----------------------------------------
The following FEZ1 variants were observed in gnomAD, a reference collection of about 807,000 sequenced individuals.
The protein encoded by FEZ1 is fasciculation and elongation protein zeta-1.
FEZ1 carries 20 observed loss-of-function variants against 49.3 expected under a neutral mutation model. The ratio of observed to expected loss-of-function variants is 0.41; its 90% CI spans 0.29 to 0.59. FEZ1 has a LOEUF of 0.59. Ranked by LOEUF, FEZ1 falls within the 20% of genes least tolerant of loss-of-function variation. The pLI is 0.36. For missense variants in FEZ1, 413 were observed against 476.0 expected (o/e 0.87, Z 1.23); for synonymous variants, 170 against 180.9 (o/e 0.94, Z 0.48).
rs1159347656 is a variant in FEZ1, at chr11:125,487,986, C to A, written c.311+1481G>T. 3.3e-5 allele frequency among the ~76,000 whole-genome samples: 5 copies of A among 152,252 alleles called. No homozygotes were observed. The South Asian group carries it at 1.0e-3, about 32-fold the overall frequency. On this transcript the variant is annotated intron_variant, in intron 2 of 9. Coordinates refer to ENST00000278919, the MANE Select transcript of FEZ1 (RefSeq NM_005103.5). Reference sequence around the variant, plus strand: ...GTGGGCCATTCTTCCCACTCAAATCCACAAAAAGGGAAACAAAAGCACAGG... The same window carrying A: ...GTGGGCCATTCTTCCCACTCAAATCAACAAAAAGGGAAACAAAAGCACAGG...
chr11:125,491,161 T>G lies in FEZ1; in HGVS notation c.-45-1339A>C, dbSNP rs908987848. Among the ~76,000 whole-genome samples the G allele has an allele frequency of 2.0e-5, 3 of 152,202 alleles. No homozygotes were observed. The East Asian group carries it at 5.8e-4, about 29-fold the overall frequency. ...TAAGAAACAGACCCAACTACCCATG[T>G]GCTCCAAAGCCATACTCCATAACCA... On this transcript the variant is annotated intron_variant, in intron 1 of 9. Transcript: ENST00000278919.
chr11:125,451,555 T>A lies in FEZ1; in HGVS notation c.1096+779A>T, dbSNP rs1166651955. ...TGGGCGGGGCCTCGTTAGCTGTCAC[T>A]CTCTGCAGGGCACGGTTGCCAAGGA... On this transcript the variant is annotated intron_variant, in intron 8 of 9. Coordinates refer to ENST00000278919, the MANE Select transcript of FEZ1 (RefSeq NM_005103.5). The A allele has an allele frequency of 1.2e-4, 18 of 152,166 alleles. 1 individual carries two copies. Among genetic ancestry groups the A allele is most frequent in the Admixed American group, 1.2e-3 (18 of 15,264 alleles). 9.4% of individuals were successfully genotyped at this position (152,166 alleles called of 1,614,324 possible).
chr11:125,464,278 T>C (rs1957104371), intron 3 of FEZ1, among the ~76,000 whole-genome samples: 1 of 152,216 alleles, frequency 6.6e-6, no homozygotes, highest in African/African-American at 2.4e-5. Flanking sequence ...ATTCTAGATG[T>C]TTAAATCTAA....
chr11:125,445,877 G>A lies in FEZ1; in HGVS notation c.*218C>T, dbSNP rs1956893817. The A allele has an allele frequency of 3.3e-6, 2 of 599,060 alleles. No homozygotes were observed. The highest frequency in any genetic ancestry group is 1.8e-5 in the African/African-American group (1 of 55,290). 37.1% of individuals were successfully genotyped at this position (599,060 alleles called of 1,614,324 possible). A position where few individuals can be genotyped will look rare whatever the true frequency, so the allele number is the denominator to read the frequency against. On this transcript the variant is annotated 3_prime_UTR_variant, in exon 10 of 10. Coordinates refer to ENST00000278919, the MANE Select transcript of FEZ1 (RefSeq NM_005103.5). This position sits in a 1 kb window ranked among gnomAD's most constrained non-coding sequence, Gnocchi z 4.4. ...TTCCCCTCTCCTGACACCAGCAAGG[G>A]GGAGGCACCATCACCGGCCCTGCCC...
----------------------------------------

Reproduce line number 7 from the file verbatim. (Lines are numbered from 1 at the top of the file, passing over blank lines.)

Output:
chr11:125,464,278 T>C (rs1957104371), intron 3 of FEZ1, among the ~76,000 whole-genome samples: 1 of 152,216 alleles, frequency 6.6e-6, no homozygotes, highest in African/African-American at 2.4e-5. Flanking sequence ...ATTCTAGATG[T>C]TTAAATCTAA....